California Health Information Privacy Manual
Laws regarding patient privacy rights, use/disclosure of PHI, and breaches

New 2017 Edition Coming Soon!


Significant requirements have been imposed on hospitals and other health facilities with the passage of federal and state laws regulating the privacy, security, use and disclosure of health information.  The California Health Information Privacy Manual was written to help hospitals understand and comply with these increasingly complex laws.

This valuable publication addresses privacy requirements under the Health Insurance Portability and Accountability Act (HIPAA), the federal Health Information Technology for Economic and Clinical Health (HITECH) act, the Genetic Information Nondiscrimination Act (GINA), the California Confidentiality of Medical Information Act, the California Patient Access to Health Records Act, the Lanterman-Petris-Short Act, and other California state laws.

To assist providers in determining which law provides greater patient protection and therefore must be followed, the manual includes a one-of-a-kind preemption analysis chart that compares California laws to the corresponding federal regulations.

Changes to this edition reflect all state and federal health information privacy laws through January 2015. The manual discusses each new law, revision or judicial decision in detail.

Highlights of some of the notable changes to this edition include:

  • Effective Jan. 1, 2015, the deadline for reporting privacy breaches to patients and to the California Department of Public Health (CDPH) under Health and Safety Code Section 1280.15 will be increased from five to 15 business days after detection. In addition, if a patient submits a written request for notification by email, a breach notification may be provided electronically.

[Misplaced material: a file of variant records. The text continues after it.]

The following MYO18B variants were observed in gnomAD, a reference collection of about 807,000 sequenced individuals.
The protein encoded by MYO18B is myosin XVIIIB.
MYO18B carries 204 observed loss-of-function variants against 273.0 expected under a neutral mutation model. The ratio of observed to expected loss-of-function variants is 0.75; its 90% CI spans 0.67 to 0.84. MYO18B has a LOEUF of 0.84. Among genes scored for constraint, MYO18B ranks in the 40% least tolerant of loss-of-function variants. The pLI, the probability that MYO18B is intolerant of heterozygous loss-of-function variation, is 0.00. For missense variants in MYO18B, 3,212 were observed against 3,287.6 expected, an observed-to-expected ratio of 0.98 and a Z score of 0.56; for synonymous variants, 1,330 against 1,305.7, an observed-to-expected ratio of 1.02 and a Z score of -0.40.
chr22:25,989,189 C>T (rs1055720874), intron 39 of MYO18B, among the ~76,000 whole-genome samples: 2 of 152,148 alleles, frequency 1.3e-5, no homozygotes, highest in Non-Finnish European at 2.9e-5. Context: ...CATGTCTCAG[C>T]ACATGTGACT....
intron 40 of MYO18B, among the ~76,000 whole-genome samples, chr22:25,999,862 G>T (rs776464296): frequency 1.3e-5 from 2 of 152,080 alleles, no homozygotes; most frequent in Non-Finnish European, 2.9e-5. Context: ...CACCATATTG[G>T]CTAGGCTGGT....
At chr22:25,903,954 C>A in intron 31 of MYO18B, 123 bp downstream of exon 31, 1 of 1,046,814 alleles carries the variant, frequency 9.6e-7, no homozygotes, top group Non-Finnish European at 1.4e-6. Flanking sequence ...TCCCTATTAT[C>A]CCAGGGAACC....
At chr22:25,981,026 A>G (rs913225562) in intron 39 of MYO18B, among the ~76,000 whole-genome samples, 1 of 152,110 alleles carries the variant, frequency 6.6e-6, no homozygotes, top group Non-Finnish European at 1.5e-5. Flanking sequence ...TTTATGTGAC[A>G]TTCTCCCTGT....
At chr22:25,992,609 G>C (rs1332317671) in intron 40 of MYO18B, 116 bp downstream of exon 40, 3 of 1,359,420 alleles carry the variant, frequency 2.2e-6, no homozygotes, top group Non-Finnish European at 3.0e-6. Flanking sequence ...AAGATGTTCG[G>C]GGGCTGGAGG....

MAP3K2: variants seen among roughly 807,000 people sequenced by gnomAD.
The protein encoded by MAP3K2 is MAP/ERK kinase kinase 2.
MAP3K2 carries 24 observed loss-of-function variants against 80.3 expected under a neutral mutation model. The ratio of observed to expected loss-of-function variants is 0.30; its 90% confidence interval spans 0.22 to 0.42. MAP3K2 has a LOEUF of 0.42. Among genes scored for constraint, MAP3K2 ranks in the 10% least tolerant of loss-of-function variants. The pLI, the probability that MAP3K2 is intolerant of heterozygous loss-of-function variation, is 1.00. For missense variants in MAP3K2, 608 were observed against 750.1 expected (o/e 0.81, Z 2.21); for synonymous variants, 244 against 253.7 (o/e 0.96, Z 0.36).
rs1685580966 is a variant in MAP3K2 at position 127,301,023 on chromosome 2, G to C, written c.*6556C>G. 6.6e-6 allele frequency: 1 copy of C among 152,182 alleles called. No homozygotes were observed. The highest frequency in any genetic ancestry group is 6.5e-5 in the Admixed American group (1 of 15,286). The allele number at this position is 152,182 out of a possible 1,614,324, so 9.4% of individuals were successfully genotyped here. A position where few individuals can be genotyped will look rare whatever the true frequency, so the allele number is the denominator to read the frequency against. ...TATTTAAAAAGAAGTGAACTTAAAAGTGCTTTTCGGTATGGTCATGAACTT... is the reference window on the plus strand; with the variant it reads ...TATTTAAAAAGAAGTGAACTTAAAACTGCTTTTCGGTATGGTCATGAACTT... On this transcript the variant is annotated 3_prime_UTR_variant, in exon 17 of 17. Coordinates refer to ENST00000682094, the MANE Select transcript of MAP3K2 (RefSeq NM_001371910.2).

• Effective Jan. 1, 2015, a breach of unencrypted computerized information that contains a person’s Social Security number, driver’s license number or California identification card number, along with their first name or first initial and last name, may require an offer to provide appropriate identity theft prevention and mitigation services, if any, for not less than a year.
  • A description of Office of Civil Rights’ (OCR) permanent audit program, which started in 2014, has been added.
  • Discussion of several significant judicial decisions regarding breaches of health information that 1) stipulated that plaintiffs must prove that an unauthorized person actually viewed medical information to receive monetary relief; 2) clarified the definition of “medical information” in terms of assessing whether a breach took place and when making intentional disclosures of patient information, and 3) asserted that “disclosure” as used in the Confidentiality of Medical Information Act (CMIA) requires an affirmative communicative act by the provider – not merely being the victim of a theft.

(Seventh edition, 2014)


The 2014 edition is over 400 pages and contains 13 chapters. The manual includes a CD with more than 40 useful forms, many in English and Spanish, which providers may use to comply with the patients’ rights requirements. A comprehensive index has also been added.


  • Understand the Laws
  • Administrative Processes and Considerations
  • Privacy Rights and Notice of Privacy Practices
  • Use and Disclosure of PHI: Fundamentals and Preemption Analysis
    • Preemption Analysis: HIV Test Results
  • Use and Disclosure of PHI: Patients Covered by CMIA
    • Preemption Analysis: Patients Covered by CMIA
  • Use and Disclosure of PHI: Patients Covered by LPS
    • Preemption Analysis: Patients Covered by LPS
  • Use and Disclosure of PHI: Substance Abuse
  • Privacy and the Conduct of Research
  • Employee Health Information
  • Health Information Security
  • Business Associate Contracts
  • Breaches
  • Enforcement and Penalties